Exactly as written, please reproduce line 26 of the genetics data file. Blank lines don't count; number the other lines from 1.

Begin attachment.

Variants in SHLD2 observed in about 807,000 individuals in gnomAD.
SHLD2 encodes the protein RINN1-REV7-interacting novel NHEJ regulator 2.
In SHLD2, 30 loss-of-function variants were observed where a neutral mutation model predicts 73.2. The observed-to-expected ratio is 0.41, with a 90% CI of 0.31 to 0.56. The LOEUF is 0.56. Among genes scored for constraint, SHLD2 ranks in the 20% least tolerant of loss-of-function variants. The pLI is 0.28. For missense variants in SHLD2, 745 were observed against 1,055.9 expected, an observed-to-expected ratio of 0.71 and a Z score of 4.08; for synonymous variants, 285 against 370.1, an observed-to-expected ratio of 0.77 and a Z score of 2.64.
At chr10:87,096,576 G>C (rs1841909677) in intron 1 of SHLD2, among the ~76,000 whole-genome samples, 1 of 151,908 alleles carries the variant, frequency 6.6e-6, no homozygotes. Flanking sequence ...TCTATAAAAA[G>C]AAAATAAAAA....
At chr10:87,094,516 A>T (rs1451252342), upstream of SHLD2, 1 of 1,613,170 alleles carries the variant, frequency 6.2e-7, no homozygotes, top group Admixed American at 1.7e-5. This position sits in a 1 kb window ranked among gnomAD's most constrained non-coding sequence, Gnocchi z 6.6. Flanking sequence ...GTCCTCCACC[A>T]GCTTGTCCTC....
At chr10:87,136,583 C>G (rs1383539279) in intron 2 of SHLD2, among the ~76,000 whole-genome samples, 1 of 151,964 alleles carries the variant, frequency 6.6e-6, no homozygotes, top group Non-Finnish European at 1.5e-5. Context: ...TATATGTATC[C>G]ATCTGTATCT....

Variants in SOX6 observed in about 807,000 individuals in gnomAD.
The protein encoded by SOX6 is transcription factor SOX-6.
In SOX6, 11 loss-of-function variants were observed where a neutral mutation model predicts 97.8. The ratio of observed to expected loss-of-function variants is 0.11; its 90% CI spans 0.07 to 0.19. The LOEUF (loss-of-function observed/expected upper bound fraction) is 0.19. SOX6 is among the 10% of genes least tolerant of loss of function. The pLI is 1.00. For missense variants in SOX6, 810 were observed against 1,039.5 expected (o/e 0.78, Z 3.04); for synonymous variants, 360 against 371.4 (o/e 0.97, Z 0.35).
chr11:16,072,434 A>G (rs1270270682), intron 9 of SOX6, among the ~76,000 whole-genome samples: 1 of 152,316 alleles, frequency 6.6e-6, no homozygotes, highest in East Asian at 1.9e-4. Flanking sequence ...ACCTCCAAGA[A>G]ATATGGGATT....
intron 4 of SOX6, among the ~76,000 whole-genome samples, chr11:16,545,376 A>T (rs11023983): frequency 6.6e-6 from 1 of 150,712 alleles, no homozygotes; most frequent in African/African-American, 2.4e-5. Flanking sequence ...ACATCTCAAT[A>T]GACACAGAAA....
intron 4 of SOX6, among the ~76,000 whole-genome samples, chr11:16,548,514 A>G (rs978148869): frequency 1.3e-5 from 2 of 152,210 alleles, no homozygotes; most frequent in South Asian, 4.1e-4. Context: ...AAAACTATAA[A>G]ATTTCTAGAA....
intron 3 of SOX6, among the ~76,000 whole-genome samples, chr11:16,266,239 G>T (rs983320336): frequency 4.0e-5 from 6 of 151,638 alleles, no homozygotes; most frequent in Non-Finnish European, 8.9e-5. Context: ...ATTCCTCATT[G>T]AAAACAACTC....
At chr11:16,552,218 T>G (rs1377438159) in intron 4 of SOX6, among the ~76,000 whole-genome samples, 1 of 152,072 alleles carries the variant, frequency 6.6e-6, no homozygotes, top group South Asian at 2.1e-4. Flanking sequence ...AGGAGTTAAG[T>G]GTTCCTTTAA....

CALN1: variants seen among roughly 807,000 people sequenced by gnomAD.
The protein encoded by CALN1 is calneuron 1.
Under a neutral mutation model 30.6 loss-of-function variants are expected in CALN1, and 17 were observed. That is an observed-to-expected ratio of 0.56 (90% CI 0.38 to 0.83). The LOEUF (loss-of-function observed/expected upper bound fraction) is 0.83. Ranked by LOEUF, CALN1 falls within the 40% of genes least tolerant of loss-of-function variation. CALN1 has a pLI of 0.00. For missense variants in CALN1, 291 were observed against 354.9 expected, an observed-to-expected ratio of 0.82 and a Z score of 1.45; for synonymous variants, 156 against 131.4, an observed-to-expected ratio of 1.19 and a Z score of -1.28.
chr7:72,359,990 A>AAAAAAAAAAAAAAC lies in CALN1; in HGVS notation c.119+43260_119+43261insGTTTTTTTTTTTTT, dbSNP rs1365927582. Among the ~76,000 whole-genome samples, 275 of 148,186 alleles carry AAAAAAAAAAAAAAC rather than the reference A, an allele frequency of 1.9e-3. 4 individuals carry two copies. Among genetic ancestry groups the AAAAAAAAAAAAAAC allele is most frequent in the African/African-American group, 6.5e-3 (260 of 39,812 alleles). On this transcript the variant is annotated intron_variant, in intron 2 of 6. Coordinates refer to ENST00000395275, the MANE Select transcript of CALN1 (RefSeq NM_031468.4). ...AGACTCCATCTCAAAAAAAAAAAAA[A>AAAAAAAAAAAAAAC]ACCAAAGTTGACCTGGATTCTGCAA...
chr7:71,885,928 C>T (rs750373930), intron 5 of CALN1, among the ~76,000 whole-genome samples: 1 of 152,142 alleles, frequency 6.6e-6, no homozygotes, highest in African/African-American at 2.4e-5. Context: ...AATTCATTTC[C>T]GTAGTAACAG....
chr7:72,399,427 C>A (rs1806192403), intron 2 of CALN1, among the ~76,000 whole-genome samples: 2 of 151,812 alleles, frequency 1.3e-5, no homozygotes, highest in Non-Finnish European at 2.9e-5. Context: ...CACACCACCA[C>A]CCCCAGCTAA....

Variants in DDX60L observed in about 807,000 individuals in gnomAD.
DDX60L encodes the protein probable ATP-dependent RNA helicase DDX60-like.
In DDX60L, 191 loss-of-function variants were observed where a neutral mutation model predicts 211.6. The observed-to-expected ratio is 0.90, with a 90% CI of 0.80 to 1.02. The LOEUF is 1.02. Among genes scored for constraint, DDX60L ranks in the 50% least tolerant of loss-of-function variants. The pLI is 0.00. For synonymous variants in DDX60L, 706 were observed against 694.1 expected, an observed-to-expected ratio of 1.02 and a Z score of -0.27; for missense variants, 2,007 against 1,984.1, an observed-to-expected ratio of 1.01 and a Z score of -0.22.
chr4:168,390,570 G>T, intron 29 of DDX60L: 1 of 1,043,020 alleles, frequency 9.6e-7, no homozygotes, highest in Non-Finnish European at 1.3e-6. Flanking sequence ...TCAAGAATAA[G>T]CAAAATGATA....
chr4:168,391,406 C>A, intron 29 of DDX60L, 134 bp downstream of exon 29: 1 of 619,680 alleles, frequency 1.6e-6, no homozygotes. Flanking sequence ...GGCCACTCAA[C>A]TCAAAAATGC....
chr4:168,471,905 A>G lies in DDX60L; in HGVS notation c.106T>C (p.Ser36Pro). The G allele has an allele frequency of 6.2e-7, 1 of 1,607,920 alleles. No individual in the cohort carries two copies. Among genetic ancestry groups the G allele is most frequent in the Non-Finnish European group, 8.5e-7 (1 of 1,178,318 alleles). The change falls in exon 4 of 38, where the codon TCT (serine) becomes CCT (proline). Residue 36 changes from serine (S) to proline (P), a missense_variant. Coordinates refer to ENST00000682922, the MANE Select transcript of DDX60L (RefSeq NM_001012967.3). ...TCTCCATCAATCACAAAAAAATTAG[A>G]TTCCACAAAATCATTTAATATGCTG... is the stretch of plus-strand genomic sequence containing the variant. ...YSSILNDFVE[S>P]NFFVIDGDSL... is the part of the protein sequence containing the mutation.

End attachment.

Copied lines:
chr4:168,471,905 A>G lies in DDX60L; in HGVS notation c.106T>C (p.Ser36Pro). The G allele has an allele frequency of 6.2e-7, 1 of 1,607,920 alleles. No individual in the cohort carries two copies. Among genetic ancestry groups the G allele is most frequent in the Non-Finnish European group, 8.5e-7 (1 of 1,178,318 alleles). The change falls in exon 4 of 38, where the codon TCT (serine) becomes CCT (proline). Residue 36 changes from serine (S) to proline (P), a missense_variant. Coordinates refer to ENST00000682922, the MANE Select transcript of DDX60L (RefSeq NM_001012967.3). ...TCTCCATCAATCACAAAAAAATTAG[A>G]TTCCACAAAATCATTTAATATGCTG... is the stretch of plus-strand genomic sequence containing the variant. ...YSSILNDFVE[S>P]NFFVIDGDSL... is the part of the protein sequence containing the mutation.